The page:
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Fed Auctions Another $30B

Banks on Tuesday gobbled up said another $30 billion in short-term loans injected into the banking system by the Federal Reserve, the latest sign of the lack of liquidity for financial institutions.

Sixty-six banks bid $58.4 billion in the Fed's fifth 28-day auction through the term auction facility created in December. The interest rate was 3.01%, vs. 4.67% in December, a reflection of the Fed's aggressive cutting of its fed funds rate to 3% last month.

The Fed created the facility to allow it to lend directly to banks at a time when they are reluctant to lend to each other. Banks can borrow directly from the Fed through the central bank's discount window, but doing so carries a stigma of desperation that many banks try at all costs to avoid. The discount window carries a 3.5% interest rate.

The Fed has injected $130 billion in liquidity via the facility's semi-monthly auctions since December. And judging by recent Fed statistics, banks certainly need the capital.

Banks have a legal requirement to have a sufficient amount of money on hand to meet customers' needs. A lack of reserves would mean the bank would have to start turning down customers for loans, which could in turn cause a panic as depositors rush to pull their money out. The Fed does not note which banks are borrowing through the facility.

According to the Fed's FRB h.3 report , non-borrowed banking reserves, the capital cushion banks retain, less any money borrowed by the central bank, dipped to negative $8.7 billion at the end of last month.

While the number dropped below the required reserves back in 1990, there seems to be no precedent for the number to be negative. Professor Richard Sylla of New York University's Stern Business College could not remember a time that this had ever happened, "I do recall that the Fed raised reserve requirements in the '30s, but that's it."

Chris Whalen of Institutional Risk Analytics pointed out, "That if you look at the historic series, you haven't typically had a negative number. You have to ask, gee, why has this number changed?"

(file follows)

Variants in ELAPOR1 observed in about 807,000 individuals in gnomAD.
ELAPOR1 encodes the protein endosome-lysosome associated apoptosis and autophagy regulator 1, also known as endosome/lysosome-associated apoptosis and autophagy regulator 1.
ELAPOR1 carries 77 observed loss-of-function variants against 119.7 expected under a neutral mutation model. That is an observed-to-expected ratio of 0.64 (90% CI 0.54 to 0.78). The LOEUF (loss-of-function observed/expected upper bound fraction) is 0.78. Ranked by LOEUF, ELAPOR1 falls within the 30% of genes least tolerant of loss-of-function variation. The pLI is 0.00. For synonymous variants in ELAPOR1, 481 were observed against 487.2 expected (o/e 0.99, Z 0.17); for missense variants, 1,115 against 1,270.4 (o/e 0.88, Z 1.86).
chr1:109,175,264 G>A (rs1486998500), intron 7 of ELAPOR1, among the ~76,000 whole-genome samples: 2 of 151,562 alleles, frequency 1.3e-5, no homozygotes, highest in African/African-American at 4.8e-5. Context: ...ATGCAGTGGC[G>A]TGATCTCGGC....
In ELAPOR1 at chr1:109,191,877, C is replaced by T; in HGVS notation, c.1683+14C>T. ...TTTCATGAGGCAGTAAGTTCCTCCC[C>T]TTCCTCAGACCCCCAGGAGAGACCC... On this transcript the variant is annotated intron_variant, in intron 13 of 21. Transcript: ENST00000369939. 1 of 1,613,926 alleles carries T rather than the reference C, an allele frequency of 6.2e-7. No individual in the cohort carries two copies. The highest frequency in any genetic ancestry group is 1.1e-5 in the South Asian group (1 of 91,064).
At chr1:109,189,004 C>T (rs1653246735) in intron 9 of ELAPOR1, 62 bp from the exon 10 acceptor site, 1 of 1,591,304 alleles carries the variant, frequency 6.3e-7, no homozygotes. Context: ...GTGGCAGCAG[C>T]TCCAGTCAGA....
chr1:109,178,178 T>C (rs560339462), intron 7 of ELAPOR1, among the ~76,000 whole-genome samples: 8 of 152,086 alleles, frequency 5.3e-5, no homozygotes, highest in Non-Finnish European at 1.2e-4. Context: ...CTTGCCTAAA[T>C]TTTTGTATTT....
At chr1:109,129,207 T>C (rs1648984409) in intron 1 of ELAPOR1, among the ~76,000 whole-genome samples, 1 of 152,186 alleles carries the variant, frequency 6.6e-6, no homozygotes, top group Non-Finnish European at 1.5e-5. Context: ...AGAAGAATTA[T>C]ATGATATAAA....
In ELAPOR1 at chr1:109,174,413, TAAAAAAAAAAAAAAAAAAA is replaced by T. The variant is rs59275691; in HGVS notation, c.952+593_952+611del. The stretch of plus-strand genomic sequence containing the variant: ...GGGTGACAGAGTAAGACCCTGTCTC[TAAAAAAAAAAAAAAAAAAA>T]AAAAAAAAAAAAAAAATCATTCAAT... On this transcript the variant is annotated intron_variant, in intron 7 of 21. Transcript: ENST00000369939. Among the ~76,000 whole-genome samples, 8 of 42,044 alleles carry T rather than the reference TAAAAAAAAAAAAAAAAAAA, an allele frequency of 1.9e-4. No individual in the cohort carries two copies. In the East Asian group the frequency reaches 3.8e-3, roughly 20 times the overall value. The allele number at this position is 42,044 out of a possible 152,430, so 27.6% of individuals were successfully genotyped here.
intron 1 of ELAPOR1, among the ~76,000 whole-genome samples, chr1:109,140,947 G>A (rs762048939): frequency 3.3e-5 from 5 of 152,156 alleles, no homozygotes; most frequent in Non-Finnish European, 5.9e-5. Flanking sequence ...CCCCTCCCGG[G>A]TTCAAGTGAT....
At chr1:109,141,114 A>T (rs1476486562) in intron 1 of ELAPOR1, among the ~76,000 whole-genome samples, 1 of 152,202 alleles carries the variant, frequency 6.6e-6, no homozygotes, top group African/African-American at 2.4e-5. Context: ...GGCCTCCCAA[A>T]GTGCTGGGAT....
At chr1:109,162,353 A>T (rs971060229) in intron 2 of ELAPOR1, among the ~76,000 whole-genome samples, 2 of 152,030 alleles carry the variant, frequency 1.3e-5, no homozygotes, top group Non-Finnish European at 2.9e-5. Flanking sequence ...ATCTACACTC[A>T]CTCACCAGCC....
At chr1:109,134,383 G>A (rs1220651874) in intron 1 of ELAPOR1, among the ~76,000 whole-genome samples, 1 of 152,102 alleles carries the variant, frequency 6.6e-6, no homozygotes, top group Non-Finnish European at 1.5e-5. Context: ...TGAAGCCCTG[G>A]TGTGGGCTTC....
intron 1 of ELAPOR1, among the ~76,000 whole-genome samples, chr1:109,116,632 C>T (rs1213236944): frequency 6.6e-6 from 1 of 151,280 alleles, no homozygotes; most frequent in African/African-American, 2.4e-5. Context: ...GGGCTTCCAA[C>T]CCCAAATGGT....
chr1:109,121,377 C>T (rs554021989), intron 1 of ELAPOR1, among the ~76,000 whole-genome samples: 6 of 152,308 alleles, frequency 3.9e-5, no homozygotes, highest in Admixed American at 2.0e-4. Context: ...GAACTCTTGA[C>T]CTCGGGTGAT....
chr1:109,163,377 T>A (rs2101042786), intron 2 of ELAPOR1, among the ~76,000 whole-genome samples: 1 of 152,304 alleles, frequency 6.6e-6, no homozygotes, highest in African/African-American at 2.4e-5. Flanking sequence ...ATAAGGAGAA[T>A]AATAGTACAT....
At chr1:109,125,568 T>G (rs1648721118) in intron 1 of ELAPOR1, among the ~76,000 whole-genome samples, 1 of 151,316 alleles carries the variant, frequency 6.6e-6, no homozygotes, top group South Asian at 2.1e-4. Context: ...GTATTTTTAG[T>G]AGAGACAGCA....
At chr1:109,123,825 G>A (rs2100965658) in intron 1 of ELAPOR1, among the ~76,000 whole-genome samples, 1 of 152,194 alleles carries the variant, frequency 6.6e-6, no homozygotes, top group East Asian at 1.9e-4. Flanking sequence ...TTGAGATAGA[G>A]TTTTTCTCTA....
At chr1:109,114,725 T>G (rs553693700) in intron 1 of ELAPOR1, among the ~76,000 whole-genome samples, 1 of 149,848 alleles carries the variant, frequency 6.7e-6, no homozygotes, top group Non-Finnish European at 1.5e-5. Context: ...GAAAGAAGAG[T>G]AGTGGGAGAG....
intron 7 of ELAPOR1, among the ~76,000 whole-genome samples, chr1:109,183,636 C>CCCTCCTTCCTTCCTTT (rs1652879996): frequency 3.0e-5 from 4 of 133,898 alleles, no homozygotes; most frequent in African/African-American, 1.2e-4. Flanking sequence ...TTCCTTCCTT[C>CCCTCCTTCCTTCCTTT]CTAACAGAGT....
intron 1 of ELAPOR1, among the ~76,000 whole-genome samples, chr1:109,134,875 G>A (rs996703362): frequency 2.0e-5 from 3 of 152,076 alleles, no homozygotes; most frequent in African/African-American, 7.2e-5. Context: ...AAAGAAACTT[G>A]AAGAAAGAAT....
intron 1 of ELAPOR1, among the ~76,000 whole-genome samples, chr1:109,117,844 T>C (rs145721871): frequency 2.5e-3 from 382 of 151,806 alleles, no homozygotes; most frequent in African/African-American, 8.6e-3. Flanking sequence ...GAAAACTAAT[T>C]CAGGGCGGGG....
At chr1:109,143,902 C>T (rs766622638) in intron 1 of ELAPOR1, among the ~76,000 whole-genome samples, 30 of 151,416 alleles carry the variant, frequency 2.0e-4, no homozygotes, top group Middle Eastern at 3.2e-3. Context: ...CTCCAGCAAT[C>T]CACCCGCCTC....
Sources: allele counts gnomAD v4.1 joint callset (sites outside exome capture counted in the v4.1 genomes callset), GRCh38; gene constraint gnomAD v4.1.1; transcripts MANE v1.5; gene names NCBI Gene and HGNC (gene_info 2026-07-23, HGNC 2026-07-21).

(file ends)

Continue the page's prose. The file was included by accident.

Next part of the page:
The Fed attempted attributed the drop to the money lent through the term auction facility. The report shows that non-borrowed bank reserves plummeted throughout January, starting the month at $8.7 billion and dipping to $202 million by mid-month. The Fed says the banks should have $40 billion on hand by the end of January.

Banks averaged between $40 billion and $43 billion in non-borrowed bank reserves during most of 2006. Then in December, it dropped to $37 billion, which is an eyebrow lifter, but no real cause for concern because the requirement was for $39 billion.

The central bank has pledged to continue to make the facility available until conditions improve. That hasn't made Wall Street feel any better about conditions in the credit markets.

"You put these numbers together and you have a system that is desperately short of liquidity," Whalen says.

Whalen pointed out that the term auction facility is intentionally open-ended. It essentially offers banks loans lower than interbank rates and they can put up whatever collateral they want.

"Ultimately, there is a lot of paper out there that we can't fund," he says. "Deals are getting redeemed instead of rolled over, so that money isn't coming in."

Another way banks can meet reserves is to raise cash fast. Some banks hit by mortgage-related losses, like Citigroup (C - Get Report), Washington Mutual (WM) and Wachovia (WB - Get Report), have boosted capital reserves through the sale of preferred securities in recent months.
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